Oct 3. 2011

Detroit’s soups: fundraising with taste

by Hélène

Americans have fundraising in their genes. That’s good news, ’cause Detroiters need money to finance their projects. Since 2010, “soups” have been multiplying like rabbits in the Detroit area.

The recipe is easy: first, use a hint of social media and gather a crowd ready to share a modest meal for $5. Second, gather enough goodwill (and good cooks) to prepare the food. The money raised on that day (it can reach $700) is awarded to the one who will convince the assembly to support his or her project in less than 5min. A strange cross between a entrepreneurial speed dating and a charity dinner, Detroit soups are excellent places to socialize. Here, everybody is welcome to exchange and debate their ideas on Detroit (and the world). Participants push presenters to phrase their ideas as precisely as possible: where are you at in your business plan? Where will you get the rest of the money from? Last Sunday, it was Detroit soup’s turn, located above Mexicantown bakery, Southwest of Motor City. The “boot” of Detroit, better known as Mexicantown, is the only ethnic district in the city (though it’s quite a diverse neighborhood, Latinos are in majority). Ads are in Spanish and the SUVs stereos are tuned to the vibes of reggaeton.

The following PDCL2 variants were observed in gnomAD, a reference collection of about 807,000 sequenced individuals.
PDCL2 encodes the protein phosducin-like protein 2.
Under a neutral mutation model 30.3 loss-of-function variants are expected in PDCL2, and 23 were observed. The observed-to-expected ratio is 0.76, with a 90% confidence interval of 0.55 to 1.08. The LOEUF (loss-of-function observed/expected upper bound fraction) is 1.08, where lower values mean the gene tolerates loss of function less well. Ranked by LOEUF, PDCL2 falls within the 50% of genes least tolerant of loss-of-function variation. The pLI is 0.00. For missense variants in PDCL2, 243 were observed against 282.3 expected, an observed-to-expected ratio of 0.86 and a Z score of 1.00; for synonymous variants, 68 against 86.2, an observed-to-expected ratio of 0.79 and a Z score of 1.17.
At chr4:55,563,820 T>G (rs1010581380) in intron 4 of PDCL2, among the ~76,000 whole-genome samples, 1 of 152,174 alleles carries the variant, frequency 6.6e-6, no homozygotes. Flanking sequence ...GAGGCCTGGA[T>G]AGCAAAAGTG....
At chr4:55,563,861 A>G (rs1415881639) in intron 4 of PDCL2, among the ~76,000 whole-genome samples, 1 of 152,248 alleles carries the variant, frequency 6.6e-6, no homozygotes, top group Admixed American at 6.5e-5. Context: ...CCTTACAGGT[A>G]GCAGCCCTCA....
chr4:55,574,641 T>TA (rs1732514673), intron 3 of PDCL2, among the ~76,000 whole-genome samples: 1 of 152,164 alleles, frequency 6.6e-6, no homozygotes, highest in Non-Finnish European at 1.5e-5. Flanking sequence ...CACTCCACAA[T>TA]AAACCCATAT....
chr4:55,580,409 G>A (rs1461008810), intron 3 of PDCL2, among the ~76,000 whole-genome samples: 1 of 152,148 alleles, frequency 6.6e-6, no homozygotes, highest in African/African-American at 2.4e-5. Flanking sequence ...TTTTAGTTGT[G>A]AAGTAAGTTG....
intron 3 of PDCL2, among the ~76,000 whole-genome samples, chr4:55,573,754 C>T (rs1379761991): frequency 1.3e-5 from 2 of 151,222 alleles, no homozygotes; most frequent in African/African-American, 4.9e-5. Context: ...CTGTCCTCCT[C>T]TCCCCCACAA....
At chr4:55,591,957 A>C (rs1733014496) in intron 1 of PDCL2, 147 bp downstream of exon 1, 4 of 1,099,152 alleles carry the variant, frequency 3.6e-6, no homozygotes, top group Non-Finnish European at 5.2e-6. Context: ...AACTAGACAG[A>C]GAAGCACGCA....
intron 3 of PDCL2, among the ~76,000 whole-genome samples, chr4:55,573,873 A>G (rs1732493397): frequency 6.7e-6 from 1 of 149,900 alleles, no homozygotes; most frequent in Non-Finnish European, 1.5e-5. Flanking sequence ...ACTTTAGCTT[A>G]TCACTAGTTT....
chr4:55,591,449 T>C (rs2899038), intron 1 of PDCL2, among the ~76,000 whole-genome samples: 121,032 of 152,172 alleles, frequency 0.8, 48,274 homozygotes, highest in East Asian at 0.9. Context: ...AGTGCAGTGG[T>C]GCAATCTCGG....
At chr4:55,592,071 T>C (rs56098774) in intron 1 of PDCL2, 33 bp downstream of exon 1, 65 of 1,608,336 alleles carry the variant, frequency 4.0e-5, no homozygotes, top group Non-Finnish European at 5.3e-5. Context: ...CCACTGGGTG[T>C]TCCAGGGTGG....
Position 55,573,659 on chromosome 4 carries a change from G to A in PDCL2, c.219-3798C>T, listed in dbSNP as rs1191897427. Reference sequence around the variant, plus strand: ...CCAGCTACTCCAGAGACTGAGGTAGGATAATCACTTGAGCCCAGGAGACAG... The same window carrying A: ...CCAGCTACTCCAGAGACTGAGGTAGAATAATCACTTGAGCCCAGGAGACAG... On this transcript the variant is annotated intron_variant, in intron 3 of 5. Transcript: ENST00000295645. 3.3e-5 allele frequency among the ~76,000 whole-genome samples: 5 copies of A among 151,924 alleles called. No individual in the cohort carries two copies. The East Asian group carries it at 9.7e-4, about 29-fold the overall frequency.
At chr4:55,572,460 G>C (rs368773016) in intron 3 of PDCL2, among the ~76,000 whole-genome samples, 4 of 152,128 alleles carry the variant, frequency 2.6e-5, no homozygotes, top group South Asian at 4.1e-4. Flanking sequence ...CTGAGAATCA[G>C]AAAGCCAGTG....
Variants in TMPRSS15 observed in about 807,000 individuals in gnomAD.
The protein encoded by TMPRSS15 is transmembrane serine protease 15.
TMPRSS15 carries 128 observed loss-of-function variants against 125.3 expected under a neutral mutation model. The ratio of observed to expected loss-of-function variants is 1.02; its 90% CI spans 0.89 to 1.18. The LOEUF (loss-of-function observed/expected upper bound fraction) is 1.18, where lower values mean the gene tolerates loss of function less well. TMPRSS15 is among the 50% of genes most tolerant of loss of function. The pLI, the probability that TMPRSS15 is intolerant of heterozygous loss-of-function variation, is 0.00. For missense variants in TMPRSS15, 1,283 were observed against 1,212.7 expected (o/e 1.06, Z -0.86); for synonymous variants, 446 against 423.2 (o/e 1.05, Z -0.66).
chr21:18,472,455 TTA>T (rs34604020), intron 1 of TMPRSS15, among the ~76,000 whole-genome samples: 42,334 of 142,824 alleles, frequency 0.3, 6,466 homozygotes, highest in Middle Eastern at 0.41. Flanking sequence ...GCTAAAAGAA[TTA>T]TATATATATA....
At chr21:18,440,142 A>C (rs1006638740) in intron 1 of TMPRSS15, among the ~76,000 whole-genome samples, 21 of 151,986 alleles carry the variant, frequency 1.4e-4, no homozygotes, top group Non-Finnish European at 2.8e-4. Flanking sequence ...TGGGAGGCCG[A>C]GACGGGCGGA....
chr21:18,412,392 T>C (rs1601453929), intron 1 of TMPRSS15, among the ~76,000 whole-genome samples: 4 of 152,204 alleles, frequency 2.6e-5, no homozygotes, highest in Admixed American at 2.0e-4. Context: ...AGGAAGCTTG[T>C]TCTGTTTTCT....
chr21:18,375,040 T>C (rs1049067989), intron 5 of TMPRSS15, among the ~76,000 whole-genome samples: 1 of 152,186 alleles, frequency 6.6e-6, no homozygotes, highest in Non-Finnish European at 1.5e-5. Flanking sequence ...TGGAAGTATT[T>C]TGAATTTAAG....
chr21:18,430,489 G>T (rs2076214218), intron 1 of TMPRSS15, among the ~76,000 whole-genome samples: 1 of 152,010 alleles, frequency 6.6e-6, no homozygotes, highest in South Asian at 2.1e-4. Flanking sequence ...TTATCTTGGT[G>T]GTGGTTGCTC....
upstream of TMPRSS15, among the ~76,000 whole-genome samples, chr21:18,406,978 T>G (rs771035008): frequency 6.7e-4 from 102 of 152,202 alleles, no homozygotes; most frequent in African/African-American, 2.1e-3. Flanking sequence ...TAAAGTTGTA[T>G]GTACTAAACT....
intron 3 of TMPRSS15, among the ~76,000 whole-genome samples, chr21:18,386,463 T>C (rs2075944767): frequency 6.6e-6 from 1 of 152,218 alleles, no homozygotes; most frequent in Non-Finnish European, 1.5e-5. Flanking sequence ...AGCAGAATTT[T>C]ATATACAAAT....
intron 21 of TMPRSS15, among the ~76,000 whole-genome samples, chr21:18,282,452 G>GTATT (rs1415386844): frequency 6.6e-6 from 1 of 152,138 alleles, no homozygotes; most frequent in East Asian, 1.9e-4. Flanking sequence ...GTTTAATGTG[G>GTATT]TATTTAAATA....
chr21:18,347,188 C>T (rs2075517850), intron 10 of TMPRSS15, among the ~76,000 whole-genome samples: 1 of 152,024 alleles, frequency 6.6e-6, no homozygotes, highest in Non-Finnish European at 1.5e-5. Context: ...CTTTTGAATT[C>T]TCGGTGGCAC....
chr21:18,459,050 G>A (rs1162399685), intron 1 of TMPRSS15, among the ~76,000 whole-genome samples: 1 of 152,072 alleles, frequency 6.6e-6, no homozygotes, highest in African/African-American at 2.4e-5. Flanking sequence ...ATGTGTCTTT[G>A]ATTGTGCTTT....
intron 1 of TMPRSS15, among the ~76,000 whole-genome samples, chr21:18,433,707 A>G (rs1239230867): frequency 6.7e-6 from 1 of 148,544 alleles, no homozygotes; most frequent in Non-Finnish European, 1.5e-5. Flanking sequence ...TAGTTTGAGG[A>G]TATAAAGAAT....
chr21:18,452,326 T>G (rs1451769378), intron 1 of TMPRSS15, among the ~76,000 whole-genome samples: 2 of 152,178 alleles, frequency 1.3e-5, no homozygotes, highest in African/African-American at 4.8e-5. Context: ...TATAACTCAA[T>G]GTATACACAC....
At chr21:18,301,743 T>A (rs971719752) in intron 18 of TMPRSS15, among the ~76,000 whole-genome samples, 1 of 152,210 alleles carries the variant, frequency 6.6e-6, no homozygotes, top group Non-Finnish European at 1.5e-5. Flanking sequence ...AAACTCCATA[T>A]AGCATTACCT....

The soup of the day was part of the Detroit Design Festival and drew a crowd of about 150. Of all the projects on the proposal menu that night, two would eventually almost make it as ex aequo: the first project, “D is for Disc Golf,” offered to build a disc golf course on Belle Isle (a large island southeast of downtown, almost as close to Canada as Detroit, to which it’s connected by a bridge). The second, S.A.Y. Detroit Ophtalmology Clinic, proposed to provide healthcare to homeless children and their mothers in Highland Park. Shortly after the pitching session, the line in front of the soup was almost as long as the one to the voting booths. At my table, my neighbor is outraged at the idea of using micro-grants to solve the injustice of the U.S. health system.

The eye-clinic for “the poors” eventually won the SOUP’s funding that night. To my left, former SOUP winners went on stage to account how they rehabilitated a playground in Highland park. The audience, mainly in their mid twenties, listened quietly and cheered loudly. The SOUP is truly a win-win situation: the Golf Course project didn’t raise any money directly but was offered direct financial support by some friendly patrons of the event. This kind of generosity is certainly not uncommon. Three weeks ago, a similar soup took place at Spaulding court. Angie, legendary Corktown “mama,” received a few hundred dollars to renovate her house, which she has been forced to lease due to financial difficulties (the project still needs funding). Soups help you grow. For those of you never believed it was true, it’s time to go to Detroit! To view more photos from this event, click here.


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